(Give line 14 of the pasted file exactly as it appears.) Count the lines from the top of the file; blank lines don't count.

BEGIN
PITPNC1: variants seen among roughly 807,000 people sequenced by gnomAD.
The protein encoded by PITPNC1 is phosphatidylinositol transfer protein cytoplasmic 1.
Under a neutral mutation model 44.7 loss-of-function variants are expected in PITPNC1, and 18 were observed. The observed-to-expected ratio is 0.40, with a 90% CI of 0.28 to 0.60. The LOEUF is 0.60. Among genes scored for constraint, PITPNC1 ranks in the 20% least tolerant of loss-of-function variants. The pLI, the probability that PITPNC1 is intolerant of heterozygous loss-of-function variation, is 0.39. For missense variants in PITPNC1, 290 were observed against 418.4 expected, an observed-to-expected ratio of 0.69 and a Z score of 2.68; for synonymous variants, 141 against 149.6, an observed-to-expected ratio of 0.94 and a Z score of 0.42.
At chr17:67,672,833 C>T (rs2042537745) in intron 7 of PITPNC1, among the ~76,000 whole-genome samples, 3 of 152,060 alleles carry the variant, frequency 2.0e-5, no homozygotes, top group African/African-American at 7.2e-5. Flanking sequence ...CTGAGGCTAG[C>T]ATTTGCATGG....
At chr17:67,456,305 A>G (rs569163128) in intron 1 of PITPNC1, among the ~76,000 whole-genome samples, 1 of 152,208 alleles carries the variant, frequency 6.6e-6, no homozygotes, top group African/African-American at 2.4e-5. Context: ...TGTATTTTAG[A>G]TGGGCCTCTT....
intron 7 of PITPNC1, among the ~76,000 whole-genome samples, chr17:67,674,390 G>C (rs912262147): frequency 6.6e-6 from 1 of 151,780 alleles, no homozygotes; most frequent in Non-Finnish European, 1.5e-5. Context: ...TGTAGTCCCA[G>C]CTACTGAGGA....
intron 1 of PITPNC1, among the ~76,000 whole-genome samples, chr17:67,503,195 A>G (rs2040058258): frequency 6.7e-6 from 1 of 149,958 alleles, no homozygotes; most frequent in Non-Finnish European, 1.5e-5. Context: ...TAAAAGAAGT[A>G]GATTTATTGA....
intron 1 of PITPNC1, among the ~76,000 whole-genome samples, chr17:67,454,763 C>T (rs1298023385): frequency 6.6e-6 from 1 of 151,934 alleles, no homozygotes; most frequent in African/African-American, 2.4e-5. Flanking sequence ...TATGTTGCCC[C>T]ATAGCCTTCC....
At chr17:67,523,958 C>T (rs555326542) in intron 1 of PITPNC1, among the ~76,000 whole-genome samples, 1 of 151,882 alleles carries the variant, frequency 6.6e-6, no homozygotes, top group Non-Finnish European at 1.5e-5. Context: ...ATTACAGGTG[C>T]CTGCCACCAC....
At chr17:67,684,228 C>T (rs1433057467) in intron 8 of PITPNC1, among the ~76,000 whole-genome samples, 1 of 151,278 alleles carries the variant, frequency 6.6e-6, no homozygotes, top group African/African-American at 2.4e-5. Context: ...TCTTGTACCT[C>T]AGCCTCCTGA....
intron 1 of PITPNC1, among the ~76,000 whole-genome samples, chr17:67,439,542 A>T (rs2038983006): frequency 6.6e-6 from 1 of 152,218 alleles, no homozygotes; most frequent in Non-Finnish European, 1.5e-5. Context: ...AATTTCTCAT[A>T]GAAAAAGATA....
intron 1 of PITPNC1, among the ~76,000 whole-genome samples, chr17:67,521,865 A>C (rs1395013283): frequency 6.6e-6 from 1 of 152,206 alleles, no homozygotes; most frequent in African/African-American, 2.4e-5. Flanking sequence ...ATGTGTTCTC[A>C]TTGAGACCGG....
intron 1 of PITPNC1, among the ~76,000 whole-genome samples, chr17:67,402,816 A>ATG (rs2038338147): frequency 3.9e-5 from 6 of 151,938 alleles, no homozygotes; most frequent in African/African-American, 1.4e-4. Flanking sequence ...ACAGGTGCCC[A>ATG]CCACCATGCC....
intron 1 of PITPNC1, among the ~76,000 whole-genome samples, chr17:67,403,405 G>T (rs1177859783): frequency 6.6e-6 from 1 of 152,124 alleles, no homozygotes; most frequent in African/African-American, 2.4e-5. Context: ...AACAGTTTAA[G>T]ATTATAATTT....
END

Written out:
intron 1 of PITPNC1, among the ~76,000 whole-genome samples, chr17:67,403,405 G>T (rs1177859783): frequency 6.6e-6 from 1 of 152,124 alleles, no homozygotes; most frequent in African/African-American, 2.4e-5. Context: ...AACAGTTTAA[G>T]ATTATAATTT....